Artemis 2 Moon astronaut praises the supersonic T-38 trainer

In a newly released video on Twitter, Artemis 2 astronaut Jeremy Hansen gives high praises for the veteran T-38 supersonic trainer aircraft.
Christopher McFadden
Two T-38 trainers and Space Shuttle Columbia during STS-3 mission.

NASA/Wikimedia Commons 

One of the selected astronauts for the upcoming Artemis 2 Moon has described the supersonic T-38 trainer as difficult to fly but in a good way. In a video released on the 18th of July, Canadian Space Agency (CSA) astronaut Jeremy Hansen explained that "we use these airplanes because they're challenging." 

A real challenge

"We can have two astronauts in the cockpit together working as a team, just like we do in a spacecraft. We have so many amazing simulators here ... but none of those simulators will kill you. This will. That is one of the benefits of this training, is that we are managing real risks preparing us to go to space," he added.

The T-38 has gained admiration from several astronauts, including fellow CSA astronaut David Saint-Jacques, who was part of the 2009 class and went on a mission to the International Space Station in 2018-19. In 2015, Saint-Jacques created a YouTube video praising the T-38's abilities. As a medical doctor, he received instruction in basic flight maneuvers from Hansen, a fellow astronaut who was also chosen by CSA around the same time.

"You are in an uncomfortable cockpit," Saint-Jacques said in the video of the T-38 experience. "You’re wearing a helmet, oxygen mask. There's tens of dials in front of you. You have to monitor all that data; the radio, on many channels talking at the same time. You have to constantly filter out what is important, and to make decisions that could have big impacts. You cannot press pause while you're flying a jet," he added.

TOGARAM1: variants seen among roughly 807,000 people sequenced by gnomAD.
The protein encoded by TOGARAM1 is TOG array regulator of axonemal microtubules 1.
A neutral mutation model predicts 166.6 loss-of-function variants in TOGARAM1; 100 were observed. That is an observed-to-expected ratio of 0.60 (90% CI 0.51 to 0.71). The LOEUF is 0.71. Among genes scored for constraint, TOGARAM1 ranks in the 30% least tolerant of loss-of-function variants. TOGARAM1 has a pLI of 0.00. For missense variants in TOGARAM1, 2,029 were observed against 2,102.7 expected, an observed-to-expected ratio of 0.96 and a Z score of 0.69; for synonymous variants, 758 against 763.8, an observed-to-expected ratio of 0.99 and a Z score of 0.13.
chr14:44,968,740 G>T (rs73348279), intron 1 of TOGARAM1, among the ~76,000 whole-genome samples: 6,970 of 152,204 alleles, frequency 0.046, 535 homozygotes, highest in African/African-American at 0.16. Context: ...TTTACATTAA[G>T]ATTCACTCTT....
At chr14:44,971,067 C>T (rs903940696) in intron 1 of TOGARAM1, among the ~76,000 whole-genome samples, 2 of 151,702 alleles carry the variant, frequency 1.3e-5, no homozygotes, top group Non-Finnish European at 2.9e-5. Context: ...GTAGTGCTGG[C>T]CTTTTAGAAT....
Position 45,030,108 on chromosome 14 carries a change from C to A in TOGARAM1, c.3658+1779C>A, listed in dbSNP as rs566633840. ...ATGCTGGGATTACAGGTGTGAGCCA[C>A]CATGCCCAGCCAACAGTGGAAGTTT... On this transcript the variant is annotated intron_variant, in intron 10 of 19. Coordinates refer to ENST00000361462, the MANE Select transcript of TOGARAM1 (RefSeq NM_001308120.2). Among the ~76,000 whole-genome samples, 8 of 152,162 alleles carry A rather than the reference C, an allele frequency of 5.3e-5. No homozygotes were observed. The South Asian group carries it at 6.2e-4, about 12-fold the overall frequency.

According to Northrop Grumman, over 72,000 pilots in the United States Air Force have received training on the T-38 since its production began in 1961. Despite manufacturing ceasing in 1972, more than 500 of these aircraft remain in use by both the Air Force and NASA.

According to NASA, the supersonic trainer can fly as fast as Mach 1.6 and reach an altitude of 40,000 feet (12 kilometers), exceeding the altitude of commercial airliners. Pilots can experience up to seven Gs of force, which can cause an untrained person to lose consciousness. Additionally, holding up the pilot's neck is compared to balancing a cinder block, according to NASA officials.

A great trainer

In addition to serving as a general training aircraft, the T-38 was also utilized during the space shuttle program. One such use was having the supersonic trainer accompany the shuttle during early landings, allowing T-38 pilots to provide feedback to shuttle pilots on the condition of their spacecraft, if necessary.

Pilots were trained on how to safely return a space shuttle to Earth using modified T-38s. The alterations included extra-large airbrakes and lowered landing gear, which had to be certified by NASA for safety before being used for training purposes.

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